Wireless Raspberry Pi Radio: Pianobar

* This entire process should take about 20 minutes

Pianobar is a free/open-source, console-based client for the personalized online radio Pandora.

play and manage (create, add more music, delete, rename, …) stations
rate songs and explain why they have been selected
upcoming songs/song history
customize keybindings and text output
remote control and eventcmd interface (send tracks to last.fm, for example)
proxy support for listeners outside the USA
Wireless Raspberry Pi Radio
Use your Raspberry Pi as a wireless Pandora Radio jukebox! You can  choose to add a display and controls to your Pi to set and navigate stations, however, this tutorial will use an SSH client and mobile devices (tablet or phone) to utilize pianobar’s features.

Step 1: Required Materials

Raspberry Pi

SD memory card (4GB or larger)

Power adapter compatible with the MicroB connector on the Raspberry pi

USB Wi-Fi adapter

– Speakers or headphones

– Free or paid Pandora Radio account

Temporary Items for Initial Setup:

– HDMI compatible monitor and cable

– USB Keyboard (no mouse required, all steps done in a terminal environment)

Step 2: Preparation

The Raspberry Pi always needs to boot off of an SD card loaded with an operating system (OS) disk image.

You may buy an SD card that has already been made bootable complete with the Raspberry Pi OS or you may buy a blank card and

There are many OS versions offered for the Raspberry Pi, however, in this example, I have chosen to use Raspbian “Wheezy”.

Download the OS disk image and write it to your memory card. To write the image I used Win32 Disk Imager. Once the image is written to the card, plug the card into the Raspberry Pi’s SD card reader and power on the device. (Be sure you have all the proper I/O devices plugged in, i.e., keyboard, USB wifi adapter, HDMI monitor.)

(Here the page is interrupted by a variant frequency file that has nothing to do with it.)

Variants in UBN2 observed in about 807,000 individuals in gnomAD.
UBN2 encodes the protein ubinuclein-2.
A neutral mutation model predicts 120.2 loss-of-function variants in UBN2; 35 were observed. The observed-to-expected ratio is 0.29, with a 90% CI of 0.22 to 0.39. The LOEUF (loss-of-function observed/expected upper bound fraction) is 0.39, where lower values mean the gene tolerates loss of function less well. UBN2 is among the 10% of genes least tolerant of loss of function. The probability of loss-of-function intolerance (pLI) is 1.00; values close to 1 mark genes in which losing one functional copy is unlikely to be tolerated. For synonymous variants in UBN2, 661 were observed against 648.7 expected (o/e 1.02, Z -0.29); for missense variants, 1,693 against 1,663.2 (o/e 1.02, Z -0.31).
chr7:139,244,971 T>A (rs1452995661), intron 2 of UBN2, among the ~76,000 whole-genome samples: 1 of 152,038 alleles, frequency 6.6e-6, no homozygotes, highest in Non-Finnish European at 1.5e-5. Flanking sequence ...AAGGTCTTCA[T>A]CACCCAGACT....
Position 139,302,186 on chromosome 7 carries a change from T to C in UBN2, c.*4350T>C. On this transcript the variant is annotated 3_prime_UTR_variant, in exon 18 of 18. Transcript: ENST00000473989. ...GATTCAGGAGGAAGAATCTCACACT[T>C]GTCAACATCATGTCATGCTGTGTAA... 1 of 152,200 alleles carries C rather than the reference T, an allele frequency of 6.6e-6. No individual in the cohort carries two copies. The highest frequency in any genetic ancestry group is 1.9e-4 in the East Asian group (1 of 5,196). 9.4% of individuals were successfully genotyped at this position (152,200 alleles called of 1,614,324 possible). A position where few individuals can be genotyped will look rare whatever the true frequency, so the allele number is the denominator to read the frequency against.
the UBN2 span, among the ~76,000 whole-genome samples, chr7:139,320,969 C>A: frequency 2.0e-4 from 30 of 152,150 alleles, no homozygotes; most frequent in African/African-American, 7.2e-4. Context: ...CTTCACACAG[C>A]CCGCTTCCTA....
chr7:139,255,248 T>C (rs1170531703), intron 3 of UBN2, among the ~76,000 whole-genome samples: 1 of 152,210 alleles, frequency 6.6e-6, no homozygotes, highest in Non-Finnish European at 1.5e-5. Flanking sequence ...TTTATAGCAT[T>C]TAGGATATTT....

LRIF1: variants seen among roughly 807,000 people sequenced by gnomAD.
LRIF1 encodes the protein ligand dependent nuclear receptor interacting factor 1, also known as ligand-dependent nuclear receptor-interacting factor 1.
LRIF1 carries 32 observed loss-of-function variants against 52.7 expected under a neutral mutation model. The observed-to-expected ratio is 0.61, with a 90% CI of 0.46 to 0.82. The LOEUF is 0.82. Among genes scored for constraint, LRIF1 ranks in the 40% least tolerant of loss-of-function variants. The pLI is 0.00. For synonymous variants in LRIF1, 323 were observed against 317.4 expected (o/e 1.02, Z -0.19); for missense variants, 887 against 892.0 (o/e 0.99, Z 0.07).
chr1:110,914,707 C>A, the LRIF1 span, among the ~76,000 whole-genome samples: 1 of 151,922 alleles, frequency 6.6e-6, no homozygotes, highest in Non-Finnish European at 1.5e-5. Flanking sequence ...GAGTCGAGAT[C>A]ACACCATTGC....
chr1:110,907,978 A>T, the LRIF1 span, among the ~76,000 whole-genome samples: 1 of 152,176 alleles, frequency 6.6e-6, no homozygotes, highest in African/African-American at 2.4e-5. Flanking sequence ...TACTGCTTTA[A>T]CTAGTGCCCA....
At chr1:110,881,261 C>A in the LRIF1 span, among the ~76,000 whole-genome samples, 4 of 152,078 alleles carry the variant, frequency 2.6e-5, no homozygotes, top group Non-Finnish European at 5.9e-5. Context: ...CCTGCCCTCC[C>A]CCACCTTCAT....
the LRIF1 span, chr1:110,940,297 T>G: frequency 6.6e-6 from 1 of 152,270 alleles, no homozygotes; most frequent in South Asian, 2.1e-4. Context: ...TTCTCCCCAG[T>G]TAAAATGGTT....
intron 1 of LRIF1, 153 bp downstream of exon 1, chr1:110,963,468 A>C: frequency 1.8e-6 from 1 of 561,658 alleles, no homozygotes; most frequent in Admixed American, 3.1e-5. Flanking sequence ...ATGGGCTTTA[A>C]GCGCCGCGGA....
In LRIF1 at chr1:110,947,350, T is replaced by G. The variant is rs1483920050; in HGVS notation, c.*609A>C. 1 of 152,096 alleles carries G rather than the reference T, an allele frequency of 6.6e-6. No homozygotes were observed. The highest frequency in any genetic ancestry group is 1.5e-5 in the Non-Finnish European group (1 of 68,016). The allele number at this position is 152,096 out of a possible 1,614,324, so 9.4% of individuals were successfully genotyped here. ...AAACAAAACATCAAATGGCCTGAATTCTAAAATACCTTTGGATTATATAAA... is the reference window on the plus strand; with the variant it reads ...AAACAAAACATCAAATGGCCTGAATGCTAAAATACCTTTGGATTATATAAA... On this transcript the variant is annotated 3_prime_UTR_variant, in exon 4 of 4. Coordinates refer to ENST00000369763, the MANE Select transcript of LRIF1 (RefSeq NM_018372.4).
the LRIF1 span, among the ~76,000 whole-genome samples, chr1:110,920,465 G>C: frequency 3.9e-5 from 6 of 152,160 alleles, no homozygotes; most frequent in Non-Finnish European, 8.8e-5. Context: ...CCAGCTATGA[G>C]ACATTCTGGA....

Step 3: Initial Configuration

Keep in mind, if you mess up anything along the way, just reformat your card, reload the disk image and start again. No harm no foul. 

Upon powering the Raspberry Pi with the SD card plugged in, you will see the system automatically listing information about the operating system and peripherals. You do not need to know what it all means for this project, but I absolutely wouldn’t discourage you from reading it and learning a little bit about your Raspberry Pi for your own benefit!

After the boot information is complete, you will be prompted with the raspi-config window. Here you should make the following changes:

– Expand root partition so all space on the SD card is usable.
– Set timezone.
– Enable SSH server (so you can control pianobar with your mobile device as well as continuing this installation on your desktop or laptop via SSH).
– Disable boot to desktop, we want to configure this program using only the terminal environment.
– Do not update your Raspberry Pi at this point (we need to configure the wireless USB module first)
– Do not restart your Raspberry Pi at this time.
* I also do not recommend overclocking your Pi for this project, the default setting works perfectly and overclocking will reduce the overall lifetime of the hardware.

Step 4: Configure Wireless USB Module

Navigate to your network interfaces with the following command:

sudo nano /etc/network/interfaces

Erase all the text and copy and past the code you see below:

auto lo

iface lo inet loopback
iface eth0 inet dhcp

allow-hotplug wlan0
auto wlan0

iface wlan0 inet dhcp
wpa-ssid “ssid”
wpa-psk “password”

*it should appear as the image below. Change the wpa-ssid value in the quotes to your network’s ssid (your wireless network name) and be sure it is still surrounded by quotes.  Do the same with the wpa-psk, change it to the password for your personal wireless network, again, make sure the text is surrounded by quotes.
Wireless Raspberry Pi Radio2
To save this edit, hit ctrl+x, you will be prompted if you would like top keep the change, type Y and hit enter for yes and hit enter again to confirm the path of the file.

For more detail: Wireless Raspberry Pi Radio: Pianobar

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